David Huchthausen is renowned for his use of cold-working techniques in glass, currently demonstrated in his exhibition, David Huchthausen: A Retrospective Selection. This week, however, Huchthausen will return to working with hot glass as the Visiting Artist in the Museum’s Hot Shop.
I began focusing on cold working glass when…
I had always been interested in light transmission in architecture and think very three-dimensionally. After blowing glass for a few years, the limitations of the process became apparent and I began to combine hot-worked components with architectural glass in my sculptures.
My pieces are inspired by…
Science and science fiction, architecture, space exploration, and optics.
When I’m not in the studio working, I am…
Either out on my boat or at an antique show.
During my residency, I hope to demonstrate to Museum visitors…
I have not worked with hot glass for 35 years, but I intend to create experimental work during the residency, some of which will be based on my current work with the spheres. I also have plans for a group of vessels with floating figures, which expand on a direction I pursued back in the mid 1970s.
If I wasn’t an artist, I would be…
Possibly an architect or a museum curator.
Plan a visit to Museum of Glass to see Visiting Artist David Huchthausen working in the Hot Shop from October 12 through 16, or watch his residency online.
By Katie Phelps, Curatorial Assistant and Visiting Artist Coordinator
This January at MOG, we’re inviting all of our visitors to #BeTheCurator for our newest crowd-curated exhibition, which opened January 16.
Museum curators have a long tradition of being keepers of the past. Historically, they have been regarded as specialists responsible for the research and care of collections of objects. In the age of social media, the concept of curating has become an everyday occurrence. The Web is full of “curated” content that is selected, edited, and presented to represent specific concepts and ideas. Our interaction with Facebook, Pinterest, and countless other websites has made us all curators.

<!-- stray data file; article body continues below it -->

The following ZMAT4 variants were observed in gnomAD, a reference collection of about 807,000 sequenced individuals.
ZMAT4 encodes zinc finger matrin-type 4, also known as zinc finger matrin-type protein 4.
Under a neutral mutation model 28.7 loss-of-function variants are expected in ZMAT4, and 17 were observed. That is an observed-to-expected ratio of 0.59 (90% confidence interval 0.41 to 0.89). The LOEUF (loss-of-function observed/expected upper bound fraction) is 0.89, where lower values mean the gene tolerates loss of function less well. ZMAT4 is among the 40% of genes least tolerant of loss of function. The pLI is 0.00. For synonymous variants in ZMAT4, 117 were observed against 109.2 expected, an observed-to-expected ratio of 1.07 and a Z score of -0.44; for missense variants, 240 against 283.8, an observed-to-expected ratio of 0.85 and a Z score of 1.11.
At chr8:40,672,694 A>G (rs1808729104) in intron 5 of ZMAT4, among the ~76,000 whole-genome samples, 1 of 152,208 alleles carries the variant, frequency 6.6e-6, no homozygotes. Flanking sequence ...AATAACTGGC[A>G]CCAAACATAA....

Last year, we invited visitors to use their social media curation skills to create an exhibition. Visitors viewed a selection of artwork from MOG’s collections, both in the Museum and on Facebook, and voted on which objects to display in #BeTheCurator. Our visitors left thoughtful comments and insights about their selections, and I wanted to share some of their thoughts on a few pieces from the exhibition.
“From whatever angle you look at it, you see a different color. From my perspective, at 11 o’clock, it looks like the colors make a Ying/Yang sign.” – Shayla (age 13, New York)
“After reading about the artist, I like her depiction of how modern times has forgotten the past, and how she uses art to recreate the old into the new. Very inspiring!” – Marcus (age 24, New Jersey)
“The delicacy of this old world process used in this most modern of installations/multiple pieces is unparalleled. The bonus is the title’s suggestion of an abstract skyline and plethora of colors a sunset can evoke.” – Marv Goldber (age 70, Tuscon)
“Art that brings us back to nature and shows the interdependence we have with the world around us is beautiful (and quite symbolic, being made of glass).” – Bethany (age 31, New Jersey)
“It’s beautiful! It’s a great nature piece. Glass is science, art, nature…and the natural subject of a flower and a snake fits the medium well.” – Chelsea (age 32, Olympia)
In the age of the Internet, we each have the power to construct and curate information on a whole new level. By broadening our definition of “curator,” the Museum of Glass staff is excited to share the power to construct narrative, highlight artwork, and shape artistic development with our visitors!
These objects, along with our other most “Liked” pieces, will be on display in #BeTheCurator now through October 23, 2016. We invite you to visit MOG and continue to be part of the Museum’s curatorial process. Each visitor gets to add their “Likes” to the pieces included in the exhibition! The artist who receives the most votes will be invited for a five-day Visiting Artist residency at Museum of Glass in 2017.
Katie Phelps is the Curatorial Assistant/Visiting Artist Coordinator at Museum of Glass. She is an alumnus of Whitman College (BA) and University of Washington (MA). In her life outside of the Museum she is outside as much as possible, wearing skis as often as she does hiking boots.